Congratulations to Centre researcher Dr Catherine Kim who is one of four women named as recipients of the 2023 Queensland Women in STEM prize.
Catherine was presented with a “Highly Commended Award” for her research into coral rubble and using statistical models and machine learning to assist in maintaining the health of the Great Barrier Reef.
The 2023 Queensland Women in STEM Prize recognises the valuable contribution of Queensland women working in STEM careers and aims to inspire women and girls to study and work in STEM.
“Advice I would give to young girls considering STEM is follow your interests and your passion. STEM can be applied to almost anything. If you really engage with your interest, you can almost always find a STEM angle with which you can study and learn more about it,” says Catherine.
Catherine is the ECR Co-lead for the Centre’s Environment and Natural Systems Domain. Her research focuses on what happens to coral when it dies and turns into rubble. Specifically, it investigates how much rubble there is and where it is.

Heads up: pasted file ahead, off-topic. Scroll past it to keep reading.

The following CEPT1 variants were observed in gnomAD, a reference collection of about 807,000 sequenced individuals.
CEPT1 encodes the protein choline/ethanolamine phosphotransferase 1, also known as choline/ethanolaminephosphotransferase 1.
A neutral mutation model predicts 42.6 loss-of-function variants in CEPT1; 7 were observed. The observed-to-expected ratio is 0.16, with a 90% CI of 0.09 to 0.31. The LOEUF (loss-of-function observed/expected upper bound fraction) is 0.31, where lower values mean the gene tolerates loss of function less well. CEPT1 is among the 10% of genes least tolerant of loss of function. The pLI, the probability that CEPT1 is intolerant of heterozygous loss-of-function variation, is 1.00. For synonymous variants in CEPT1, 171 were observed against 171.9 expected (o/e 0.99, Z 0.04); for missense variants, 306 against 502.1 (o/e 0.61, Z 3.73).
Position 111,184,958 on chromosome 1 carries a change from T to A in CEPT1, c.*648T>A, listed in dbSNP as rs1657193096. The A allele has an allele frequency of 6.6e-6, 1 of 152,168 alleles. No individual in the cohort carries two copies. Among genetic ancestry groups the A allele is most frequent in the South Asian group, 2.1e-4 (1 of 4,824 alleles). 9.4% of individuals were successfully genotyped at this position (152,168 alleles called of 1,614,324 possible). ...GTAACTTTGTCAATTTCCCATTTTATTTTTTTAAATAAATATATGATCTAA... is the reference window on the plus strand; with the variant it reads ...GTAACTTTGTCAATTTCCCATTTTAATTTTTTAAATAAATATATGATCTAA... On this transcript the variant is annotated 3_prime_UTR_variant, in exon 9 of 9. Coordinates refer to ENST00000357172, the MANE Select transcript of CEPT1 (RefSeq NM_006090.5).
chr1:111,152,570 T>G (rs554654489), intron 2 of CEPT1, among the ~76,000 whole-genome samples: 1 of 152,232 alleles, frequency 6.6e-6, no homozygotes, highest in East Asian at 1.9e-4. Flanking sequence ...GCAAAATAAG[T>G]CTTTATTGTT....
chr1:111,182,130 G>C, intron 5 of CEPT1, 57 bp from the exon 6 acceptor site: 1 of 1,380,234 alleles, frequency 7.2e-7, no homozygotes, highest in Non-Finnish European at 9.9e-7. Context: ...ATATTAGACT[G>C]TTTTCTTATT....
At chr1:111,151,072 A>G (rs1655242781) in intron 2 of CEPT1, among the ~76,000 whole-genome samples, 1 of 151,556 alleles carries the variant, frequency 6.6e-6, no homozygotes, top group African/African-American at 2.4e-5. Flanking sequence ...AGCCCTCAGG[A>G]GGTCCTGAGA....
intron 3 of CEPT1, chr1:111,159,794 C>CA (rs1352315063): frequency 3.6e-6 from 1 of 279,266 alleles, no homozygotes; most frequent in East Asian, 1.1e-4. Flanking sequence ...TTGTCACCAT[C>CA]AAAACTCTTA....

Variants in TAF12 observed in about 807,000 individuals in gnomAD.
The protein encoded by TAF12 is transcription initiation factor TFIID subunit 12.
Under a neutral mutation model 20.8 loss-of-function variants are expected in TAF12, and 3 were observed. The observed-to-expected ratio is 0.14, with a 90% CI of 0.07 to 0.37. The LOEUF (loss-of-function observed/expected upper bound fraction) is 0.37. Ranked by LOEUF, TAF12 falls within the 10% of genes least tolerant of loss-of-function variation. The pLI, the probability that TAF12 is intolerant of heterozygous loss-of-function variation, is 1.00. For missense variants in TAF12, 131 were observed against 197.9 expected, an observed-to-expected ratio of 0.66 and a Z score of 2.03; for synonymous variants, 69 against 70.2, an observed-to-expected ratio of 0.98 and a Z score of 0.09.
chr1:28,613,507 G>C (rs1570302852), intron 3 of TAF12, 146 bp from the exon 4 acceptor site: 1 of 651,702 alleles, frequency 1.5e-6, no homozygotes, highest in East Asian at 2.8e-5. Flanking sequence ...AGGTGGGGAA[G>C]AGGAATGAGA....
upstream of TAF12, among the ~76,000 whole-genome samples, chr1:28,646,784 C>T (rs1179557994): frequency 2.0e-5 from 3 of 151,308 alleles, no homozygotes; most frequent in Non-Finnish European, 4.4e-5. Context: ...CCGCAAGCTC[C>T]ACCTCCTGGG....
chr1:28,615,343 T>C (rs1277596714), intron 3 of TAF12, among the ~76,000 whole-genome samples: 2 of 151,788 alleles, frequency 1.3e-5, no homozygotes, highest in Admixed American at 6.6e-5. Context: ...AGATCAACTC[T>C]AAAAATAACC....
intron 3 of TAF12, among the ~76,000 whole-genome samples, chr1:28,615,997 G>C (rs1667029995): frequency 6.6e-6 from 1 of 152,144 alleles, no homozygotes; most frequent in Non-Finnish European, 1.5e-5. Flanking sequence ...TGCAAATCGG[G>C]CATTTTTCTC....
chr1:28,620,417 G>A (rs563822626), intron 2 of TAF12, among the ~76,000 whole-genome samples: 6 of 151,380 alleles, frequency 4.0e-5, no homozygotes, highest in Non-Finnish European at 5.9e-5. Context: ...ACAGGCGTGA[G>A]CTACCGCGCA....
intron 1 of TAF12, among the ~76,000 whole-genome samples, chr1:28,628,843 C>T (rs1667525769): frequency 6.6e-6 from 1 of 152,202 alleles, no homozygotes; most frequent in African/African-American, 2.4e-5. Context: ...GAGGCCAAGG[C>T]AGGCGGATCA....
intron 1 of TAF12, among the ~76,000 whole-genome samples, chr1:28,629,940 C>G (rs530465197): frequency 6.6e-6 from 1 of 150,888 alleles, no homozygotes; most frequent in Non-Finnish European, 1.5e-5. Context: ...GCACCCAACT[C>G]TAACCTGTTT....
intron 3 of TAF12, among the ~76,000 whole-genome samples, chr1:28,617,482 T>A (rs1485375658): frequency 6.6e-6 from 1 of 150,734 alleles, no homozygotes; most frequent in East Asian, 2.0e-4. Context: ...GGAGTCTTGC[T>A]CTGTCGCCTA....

In addition to her work as a researcher, Catherine is active in promoting STEM to the next generation. She has been a Young Science Ambassador for the Wonder of Science program since 2016, often visiting schools. She is also involved with R Ladies Brisbane and the geospatial community.
“Good female role models are visible and they’re not afraid to talk about their passions and their work and interact with everybody,” says Catherine.
But she says it’s also important to make sure that women who enter STEM stay there, thrive, and become leaders who will help tackle important issues.
“Just having women at the table, making these decisions that will affect all of us is super important.”
The other women recognised as part of the 2023 Queensland Women in STEM prize:
- The Judges’ Award: Dr Sue-Ann Watson, James Cook University
- Breaking Barriers Award: Dr Lena Oestreich, The University of Queensland
- Highly Commended Award: Dr Jayishni Majaraj, Griffith University